Under the Cover of Cowardice

Mrs. B. Carter

Mrs. B. Carter

The recent incident of a fan degrading Beyoncé by slapping her buttocks has brought this unsavory topic into the open again. According to Yahoo.com, Mrs. Carter was performing in Copenhagen, Denmark, when a man slapped her derriere.The


New Zealand Herald reported that the famed singer chastised the reprobate with “I will have you escorted out right now, all right?” My situation was similar but different in a frustrating way.

My daughter and I used to go to Disney World every December (to avoid the spring break and summer exodus to Florida). Unwilling to deal with the hassle of securing a hotel room, I bought a time-share property. On one of those trips, we had just exchanged pleasantries with Mickey and Minnie Mouse. I turned to walk away. The pervert hiding under the Mickey Mouse cowardice slapped my buttocks.

Like Beyoncé, my initial reaction was disbelief that someone had the audacity to touch my body. Turning around instinctively and ready to deal the lascivious idiot a consequence, my trauma worsened when the Mickey Mouse debaucher began prancing with glee and laughing loudly. Myriad emotions chased themselves on my face.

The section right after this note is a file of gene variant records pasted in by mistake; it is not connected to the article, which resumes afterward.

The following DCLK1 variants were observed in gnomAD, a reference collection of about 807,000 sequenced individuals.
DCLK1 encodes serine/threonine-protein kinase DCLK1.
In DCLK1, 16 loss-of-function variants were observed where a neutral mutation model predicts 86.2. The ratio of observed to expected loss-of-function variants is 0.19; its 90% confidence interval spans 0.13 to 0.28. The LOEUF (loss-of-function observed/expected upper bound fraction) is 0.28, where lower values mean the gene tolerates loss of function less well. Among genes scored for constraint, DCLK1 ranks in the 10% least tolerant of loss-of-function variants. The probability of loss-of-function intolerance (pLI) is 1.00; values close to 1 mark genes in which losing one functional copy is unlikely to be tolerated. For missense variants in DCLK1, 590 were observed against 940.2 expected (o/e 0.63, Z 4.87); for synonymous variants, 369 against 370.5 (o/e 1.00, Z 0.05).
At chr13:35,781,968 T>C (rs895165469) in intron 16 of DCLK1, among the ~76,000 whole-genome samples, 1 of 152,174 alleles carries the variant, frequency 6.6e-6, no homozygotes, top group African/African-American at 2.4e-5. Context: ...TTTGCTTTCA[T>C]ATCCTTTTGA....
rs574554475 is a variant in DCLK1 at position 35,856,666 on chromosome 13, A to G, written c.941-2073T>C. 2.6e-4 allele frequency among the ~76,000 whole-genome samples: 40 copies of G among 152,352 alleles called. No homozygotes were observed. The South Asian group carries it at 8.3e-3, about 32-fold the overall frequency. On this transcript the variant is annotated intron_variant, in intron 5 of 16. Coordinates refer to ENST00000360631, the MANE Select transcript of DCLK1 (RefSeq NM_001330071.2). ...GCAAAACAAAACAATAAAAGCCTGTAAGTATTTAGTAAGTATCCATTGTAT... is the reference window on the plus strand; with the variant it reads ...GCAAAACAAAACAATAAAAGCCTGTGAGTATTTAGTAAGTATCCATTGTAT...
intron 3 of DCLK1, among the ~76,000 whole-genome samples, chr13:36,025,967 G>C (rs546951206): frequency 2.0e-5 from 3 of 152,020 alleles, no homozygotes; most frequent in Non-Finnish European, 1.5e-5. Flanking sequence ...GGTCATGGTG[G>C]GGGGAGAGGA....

Parents and children watched. I felt helpless to give in to my instinct of doling him what he deserved. My daughter watched petrified that I would deck Mickey Mouse, that (she told me later)  she would be known as the child whose mother beat up Mickey Mouse.

The anger that blazed in my eyes and my taut body that bucked threateningly at the leech seemed to increase his depraved joy. My inability to take any course of action elevated my anger. I sold the time share. That was the last time I took my daughter to Disney World.

Regardless of the word used to describe this criminal act, (“Eve teasing” in India), touching someone without invitation is offensive and invasive, what I call body trespassing. Like all trespassing crimes, the offended has the right to take suitable actions to protect body and self-worth.

According to the U.S. Equal Employment Opportunity Commission, “It is unlawful to harass a person because of (that person’s) gender through unwelcome sexual advances… and other verbal or physical harassment of a sexual nature…”

Perverts steal innocence and damage joy fast. No one can understand the gamut of emotions running through a person’s mind when another human violates the sanctity of his or her body.

The last of those emotions is regret. I should have sued Disney World for employing a miscreant, a deviant who not only violated my person but who violated children’s innocence and their belief in the sanctity of the (perceived) marriage institution of Mr. Mickey and Mrs. Minnie Mouse.

I should have sued Disney World. Beyoncé could sue the harasser, but he might be a penniless buffoon. Also, the legal demand on her time would steal the joy of spending valuable time with Jay-Z and Blue Ivy. Why bother with a riff-raff?